Sustainability and Working Class Studies around the Globe

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South Atlantic Modern Language Association (SAMLA) 2014 Conference
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On January 28, 2014, President Barack Obama delivered his State of the Union address at the U.S. Capitol in Washington, D.C. Towards the beginning of his address, he stated, "Inequality has deepened. Upward mobility has stalled." To rectify this situation, he announced his plan is to offer "a set of concrete, practical proposals to speed up growth, strengthen the middle class and build new ladders of opportunity into the middle class." At no point in his address did the U.S. working class take center stage, despite a growing field of working class studies that emphasizes the necessity of research in the area. In this contemporary period of globalization where standards of living are constantly in flux, this panel seeks to explore and offer a discussion on any aspect of working class literary studies not only in the U.S. but also in nations around the world. Particularly welcome are proposals that incorporate the theme of sustainability and consider the intersections of class, gender, race, and geographical region. In general, the 15-minute papers for this panel might examine (but are not limited to) literary portrayals associated with the following topics:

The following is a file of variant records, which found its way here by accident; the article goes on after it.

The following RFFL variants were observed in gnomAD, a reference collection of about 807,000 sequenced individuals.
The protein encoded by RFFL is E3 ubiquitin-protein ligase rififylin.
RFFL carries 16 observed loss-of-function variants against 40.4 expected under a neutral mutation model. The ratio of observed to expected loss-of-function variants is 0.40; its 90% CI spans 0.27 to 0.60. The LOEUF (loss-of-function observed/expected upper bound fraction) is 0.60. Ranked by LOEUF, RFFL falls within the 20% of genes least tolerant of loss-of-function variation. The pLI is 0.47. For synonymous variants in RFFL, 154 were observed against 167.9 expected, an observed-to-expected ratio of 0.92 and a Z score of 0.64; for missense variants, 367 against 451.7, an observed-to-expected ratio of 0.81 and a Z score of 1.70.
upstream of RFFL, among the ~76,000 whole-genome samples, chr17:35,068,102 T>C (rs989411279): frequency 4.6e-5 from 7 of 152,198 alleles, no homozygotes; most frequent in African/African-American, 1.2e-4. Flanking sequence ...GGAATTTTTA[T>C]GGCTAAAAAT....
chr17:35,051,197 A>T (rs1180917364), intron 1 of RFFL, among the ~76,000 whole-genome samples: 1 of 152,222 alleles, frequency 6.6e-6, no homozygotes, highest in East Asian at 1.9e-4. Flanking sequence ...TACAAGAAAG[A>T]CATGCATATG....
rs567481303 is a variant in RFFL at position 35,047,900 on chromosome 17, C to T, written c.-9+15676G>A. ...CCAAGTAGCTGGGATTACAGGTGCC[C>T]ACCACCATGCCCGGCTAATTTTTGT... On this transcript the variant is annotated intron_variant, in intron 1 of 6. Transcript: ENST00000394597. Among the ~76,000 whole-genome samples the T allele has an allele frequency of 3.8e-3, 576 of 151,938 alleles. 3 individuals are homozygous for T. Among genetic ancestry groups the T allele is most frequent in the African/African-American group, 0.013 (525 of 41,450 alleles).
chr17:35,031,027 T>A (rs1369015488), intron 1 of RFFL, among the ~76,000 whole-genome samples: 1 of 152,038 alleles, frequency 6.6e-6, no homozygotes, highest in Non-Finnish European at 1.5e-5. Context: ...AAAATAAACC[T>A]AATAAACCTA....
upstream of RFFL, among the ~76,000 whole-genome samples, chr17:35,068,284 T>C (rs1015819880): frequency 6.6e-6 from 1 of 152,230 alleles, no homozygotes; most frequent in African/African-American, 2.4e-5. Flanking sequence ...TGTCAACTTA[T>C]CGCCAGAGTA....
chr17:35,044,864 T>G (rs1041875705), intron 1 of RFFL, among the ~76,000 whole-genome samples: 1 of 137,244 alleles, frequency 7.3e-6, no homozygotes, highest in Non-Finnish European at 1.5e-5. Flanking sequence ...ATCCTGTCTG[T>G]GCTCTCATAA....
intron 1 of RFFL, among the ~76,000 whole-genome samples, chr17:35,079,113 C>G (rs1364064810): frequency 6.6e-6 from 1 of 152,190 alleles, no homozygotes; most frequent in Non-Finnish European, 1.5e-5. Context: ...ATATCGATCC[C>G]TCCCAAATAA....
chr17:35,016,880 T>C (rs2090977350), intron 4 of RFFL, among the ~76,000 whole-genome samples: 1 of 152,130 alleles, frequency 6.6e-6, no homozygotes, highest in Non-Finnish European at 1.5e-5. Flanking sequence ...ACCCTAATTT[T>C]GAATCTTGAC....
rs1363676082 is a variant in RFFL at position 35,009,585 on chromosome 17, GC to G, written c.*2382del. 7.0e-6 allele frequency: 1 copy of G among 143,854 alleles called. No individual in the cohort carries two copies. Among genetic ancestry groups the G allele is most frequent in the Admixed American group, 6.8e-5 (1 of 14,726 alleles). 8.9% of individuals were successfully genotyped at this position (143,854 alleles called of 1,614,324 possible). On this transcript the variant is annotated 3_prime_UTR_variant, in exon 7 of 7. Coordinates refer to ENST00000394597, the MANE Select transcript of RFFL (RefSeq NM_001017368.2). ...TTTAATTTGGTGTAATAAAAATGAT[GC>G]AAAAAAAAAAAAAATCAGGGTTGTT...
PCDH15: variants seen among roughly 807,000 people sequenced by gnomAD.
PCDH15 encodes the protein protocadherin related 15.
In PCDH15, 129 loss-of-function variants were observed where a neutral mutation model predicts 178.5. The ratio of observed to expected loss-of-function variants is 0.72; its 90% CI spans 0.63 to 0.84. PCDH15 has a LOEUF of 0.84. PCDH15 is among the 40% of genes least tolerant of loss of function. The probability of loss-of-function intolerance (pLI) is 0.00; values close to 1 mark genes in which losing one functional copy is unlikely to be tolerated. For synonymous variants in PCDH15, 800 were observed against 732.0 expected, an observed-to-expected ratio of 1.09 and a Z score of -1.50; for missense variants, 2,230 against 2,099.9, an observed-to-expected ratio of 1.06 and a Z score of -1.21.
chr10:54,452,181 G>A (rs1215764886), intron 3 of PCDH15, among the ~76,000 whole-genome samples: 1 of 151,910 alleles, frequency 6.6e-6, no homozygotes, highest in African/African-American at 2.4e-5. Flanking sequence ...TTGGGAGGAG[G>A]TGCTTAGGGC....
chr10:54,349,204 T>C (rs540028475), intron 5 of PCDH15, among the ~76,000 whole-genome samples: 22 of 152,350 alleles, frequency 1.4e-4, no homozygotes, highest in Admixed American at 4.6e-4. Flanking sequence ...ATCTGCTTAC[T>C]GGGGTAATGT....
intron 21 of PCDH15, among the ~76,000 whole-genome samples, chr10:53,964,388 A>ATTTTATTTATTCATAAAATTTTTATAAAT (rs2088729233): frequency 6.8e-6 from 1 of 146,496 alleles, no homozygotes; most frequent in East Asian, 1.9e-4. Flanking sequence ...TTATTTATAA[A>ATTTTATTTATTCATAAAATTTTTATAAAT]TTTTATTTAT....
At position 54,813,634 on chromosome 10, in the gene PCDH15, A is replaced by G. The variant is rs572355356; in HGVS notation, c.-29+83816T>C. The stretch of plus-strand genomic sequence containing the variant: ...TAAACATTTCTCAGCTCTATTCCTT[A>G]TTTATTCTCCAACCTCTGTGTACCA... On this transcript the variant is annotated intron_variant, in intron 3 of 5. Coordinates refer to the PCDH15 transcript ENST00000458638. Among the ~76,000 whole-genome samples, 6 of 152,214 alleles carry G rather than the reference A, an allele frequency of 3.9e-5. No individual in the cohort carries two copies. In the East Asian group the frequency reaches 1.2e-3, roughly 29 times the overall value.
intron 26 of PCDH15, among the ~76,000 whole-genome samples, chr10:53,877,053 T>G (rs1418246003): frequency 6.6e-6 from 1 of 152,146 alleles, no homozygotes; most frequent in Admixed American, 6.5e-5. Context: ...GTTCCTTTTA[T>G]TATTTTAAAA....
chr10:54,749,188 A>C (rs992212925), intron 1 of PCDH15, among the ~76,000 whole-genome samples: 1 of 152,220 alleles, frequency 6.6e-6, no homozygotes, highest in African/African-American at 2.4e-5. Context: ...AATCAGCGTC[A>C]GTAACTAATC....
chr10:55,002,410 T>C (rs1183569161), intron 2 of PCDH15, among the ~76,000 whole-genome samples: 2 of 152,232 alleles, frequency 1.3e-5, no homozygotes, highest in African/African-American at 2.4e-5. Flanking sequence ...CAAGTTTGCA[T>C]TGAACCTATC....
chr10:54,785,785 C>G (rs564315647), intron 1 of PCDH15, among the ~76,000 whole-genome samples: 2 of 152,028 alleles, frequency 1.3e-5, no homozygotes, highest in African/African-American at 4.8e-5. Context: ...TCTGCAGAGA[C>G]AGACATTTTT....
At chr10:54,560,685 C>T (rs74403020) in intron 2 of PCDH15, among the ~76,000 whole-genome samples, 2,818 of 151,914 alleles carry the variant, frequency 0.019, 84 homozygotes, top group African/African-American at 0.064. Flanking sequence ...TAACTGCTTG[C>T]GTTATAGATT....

 Class in a global economy
 Class and national culture
 Class and community
 Class and structures of power
 Class and public policy
 Class and pedagogical approaches
 Comparisons of working and middle classes
All theoretical and critical approaches, including feminist, Marxist, and postmodernist, are welcome. By June 15, 2014, please send an abstract of 250 words, a brief bio, and A/V requirements to Robin Brooks, University of Florida, at